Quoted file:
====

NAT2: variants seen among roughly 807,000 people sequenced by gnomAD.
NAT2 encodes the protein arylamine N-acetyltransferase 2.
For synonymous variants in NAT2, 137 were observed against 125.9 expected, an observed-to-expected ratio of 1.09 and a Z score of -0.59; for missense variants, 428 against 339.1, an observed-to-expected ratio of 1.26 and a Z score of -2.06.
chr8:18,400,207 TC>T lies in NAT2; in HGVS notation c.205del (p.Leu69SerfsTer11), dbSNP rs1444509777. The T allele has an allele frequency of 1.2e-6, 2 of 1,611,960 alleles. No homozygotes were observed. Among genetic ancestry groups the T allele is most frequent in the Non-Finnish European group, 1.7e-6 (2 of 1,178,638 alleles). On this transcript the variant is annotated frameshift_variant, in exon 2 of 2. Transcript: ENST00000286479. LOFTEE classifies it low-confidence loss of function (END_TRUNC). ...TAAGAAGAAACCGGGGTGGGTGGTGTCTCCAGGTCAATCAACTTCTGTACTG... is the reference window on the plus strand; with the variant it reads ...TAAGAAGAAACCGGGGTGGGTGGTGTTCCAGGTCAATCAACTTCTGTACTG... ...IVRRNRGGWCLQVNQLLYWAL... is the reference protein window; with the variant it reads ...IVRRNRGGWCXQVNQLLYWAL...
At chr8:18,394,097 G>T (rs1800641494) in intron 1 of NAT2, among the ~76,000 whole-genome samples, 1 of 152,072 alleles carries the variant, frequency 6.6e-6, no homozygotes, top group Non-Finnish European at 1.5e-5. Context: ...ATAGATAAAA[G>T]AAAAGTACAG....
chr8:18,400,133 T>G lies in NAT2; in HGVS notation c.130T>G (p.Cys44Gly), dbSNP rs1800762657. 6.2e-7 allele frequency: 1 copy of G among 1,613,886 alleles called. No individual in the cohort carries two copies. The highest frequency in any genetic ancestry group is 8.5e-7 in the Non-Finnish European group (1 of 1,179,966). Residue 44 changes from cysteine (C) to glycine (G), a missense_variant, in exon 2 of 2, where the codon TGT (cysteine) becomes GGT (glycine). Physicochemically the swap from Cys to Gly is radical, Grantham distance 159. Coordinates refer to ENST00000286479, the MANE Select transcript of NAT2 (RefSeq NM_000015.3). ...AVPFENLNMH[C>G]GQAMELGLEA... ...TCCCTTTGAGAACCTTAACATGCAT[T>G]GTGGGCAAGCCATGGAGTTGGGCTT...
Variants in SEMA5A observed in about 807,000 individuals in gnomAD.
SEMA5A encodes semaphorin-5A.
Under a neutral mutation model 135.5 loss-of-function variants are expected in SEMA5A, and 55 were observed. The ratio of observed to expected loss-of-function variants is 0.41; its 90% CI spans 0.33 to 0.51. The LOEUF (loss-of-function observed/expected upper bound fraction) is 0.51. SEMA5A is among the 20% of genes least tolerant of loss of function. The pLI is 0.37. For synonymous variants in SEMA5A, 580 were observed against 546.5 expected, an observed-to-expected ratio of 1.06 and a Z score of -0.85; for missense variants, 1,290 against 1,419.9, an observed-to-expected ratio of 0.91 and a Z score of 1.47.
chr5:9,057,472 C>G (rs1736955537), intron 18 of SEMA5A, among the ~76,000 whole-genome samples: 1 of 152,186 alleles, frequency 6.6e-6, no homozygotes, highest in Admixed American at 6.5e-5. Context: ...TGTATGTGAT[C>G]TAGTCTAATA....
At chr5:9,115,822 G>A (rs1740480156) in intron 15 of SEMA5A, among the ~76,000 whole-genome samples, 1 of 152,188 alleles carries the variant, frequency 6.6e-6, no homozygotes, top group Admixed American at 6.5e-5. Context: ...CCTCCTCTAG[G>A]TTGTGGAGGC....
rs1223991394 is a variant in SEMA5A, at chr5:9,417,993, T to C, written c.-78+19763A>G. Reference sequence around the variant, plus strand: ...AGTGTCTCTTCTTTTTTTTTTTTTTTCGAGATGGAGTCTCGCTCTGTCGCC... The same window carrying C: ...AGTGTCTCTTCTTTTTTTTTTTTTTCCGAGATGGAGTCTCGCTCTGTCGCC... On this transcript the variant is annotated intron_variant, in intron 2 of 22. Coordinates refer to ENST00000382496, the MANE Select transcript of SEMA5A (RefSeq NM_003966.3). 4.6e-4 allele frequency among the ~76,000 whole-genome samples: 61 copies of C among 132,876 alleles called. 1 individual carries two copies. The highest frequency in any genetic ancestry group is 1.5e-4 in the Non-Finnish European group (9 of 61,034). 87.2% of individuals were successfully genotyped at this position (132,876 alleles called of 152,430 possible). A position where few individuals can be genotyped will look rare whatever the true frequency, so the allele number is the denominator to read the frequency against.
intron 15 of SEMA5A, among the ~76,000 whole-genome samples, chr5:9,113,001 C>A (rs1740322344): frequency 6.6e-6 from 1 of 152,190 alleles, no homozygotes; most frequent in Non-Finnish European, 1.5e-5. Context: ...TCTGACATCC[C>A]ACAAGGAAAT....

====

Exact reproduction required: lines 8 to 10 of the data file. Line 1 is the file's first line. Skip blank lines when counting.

SEMA5A encodes semaphorin-5A.
Under a neutral mutation model 135.5 loss-of-function variants are expected in SEMA5A, and 55 were observed. The ratio of observed to expected loss-of-function variants is 0.41; its 90% CI spans 0.33 to 0.51. The LOEUF (loss-of-function observed/expected upper bound fraction) is 0.51. SEMA5A is among the 20% of genes least tolerant of loss of function. The pLI is 0.37. For synonymous variants in SEMA5A, 580 were observed against 546.5 expected, an observed-to-expected ratio of 1.06 and a Z score of -0.85; for missense variants, 1,290 against 1,419.9, an observed-to-expected ratio of 0.91 and a Z score of 1.47.
chr5:9,057,472 C>G (rs1736955537), intron 18 of SEMA5A, among the ~76,000 whole-genome samples: 1 of 152,186 alleles, frequency 6.6e-6, no homozygotes, highest in Admixed American at 6.5e-5. Context: ...TGTATGTGAT[C>G]TAGTCTAATA....